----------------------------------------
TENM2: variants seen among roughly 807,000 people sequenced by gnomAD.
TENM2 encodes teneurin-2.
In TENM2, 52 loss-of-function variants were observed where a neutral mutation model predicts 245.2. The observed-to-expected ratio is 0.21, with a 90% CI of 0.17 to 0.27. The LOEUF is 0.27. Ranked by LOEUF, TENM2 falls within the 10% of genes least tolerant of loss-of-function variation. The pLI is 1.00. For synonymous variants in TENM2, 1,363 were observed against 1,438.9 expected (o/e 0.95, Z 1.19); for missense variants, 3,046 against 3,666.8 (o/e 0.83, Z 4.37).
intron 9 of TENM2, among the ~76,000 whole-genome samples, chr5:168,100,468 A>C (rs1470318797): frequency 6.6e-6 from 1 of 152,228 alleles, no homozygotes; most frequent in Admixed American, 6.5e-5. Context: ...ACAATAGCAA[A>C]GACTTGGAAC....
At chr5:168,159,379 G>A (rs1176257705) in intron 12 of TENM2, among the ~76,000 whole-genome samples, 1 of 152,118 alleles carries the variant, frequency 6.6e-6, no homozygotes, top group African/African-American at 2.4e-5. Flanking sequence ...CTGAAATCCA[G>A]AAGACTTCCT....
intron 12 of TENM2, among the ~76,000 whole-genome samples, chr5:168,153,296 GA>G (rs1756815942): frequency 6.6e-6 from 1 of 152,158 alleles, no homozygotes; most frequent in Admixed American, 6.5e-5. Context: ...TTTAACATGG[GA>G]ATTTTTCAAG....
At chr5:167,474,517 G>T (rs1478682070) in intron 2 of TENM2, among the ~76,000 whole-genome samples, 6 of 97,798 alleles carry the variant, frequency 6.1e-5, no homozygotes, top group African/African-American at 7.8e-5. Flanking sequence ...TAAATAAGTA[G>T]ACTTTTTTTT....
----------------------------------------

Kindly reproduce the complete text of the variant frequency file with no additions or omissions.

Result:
TENM2: variants seen among roughly 807,000 people sequenced by gnomAD.
TENM2 encodes teneurin-2.
In TENM2, 52 loss-of-function variants were observed where a neutral mutation model predicts 245.2. The observed-to-expected ratio is 0.21, with a 90% CI of 0.17 to 0.27. The LOEUF is 0.27. Ranked by LOEUF, TENM2 falls within the 10% of genes least tolerant of loss-of-function variation. The pLI is 1.00. For synonymous variants in TENM2, 1,363 were observed against 1,438.9 expected (o/e 0.95, Z 1.19); for missense variants, 3,046 against 3,666.8 (o/e 0.83, Z 4.37).
intron 9 of TENM2, among the ~76,000 whole-genome samples, chr5:168,100,468 A>C (rs1470318797): frequency 6.6e-6 from 1 of 152,228 alleles, no homozygotes; most frequent in Admixed American, 6.5e-5. Context: ...ACAATAGCAA[A>C]GACTTGGAAC....
At chr5:168,159,379 G>A (rs1176257705) in intron 12 of TENM2, among the ~76,000 whole-genome samples, 1 of 152,118 alleles carries the variant, frequency 6.6e-6, no homozygotes, top group African/African-American at 2.4e-5. Flanking sequence ...CTGAAATCCA[G>A]AAGACTTCCT....
intron 12 of TENM2, among the ~76,000 whole-genome samples, chr5:168,153,296 GA>G (rs1756815942): frequency 6.6e-6 from 1 of 152,158 alleles, no homozygotes; most frequent in Admixed American, 6.5e-5. Context: ...TTTAACATGG[GA>G]ATTTTTCAAG....
At chr5:167,474,517 G>T (rs1478682070) in intron 2 of TENM2, among the ~76,000 whole-genome samples, 6 of 97,798 alleles carry the variant, frequency 6.1e-5, no homozygotes, top group African/African-American at 7.8e-5. Flanking sequence ...TAAATAAGTA[G>T]ACTTTTTTTT....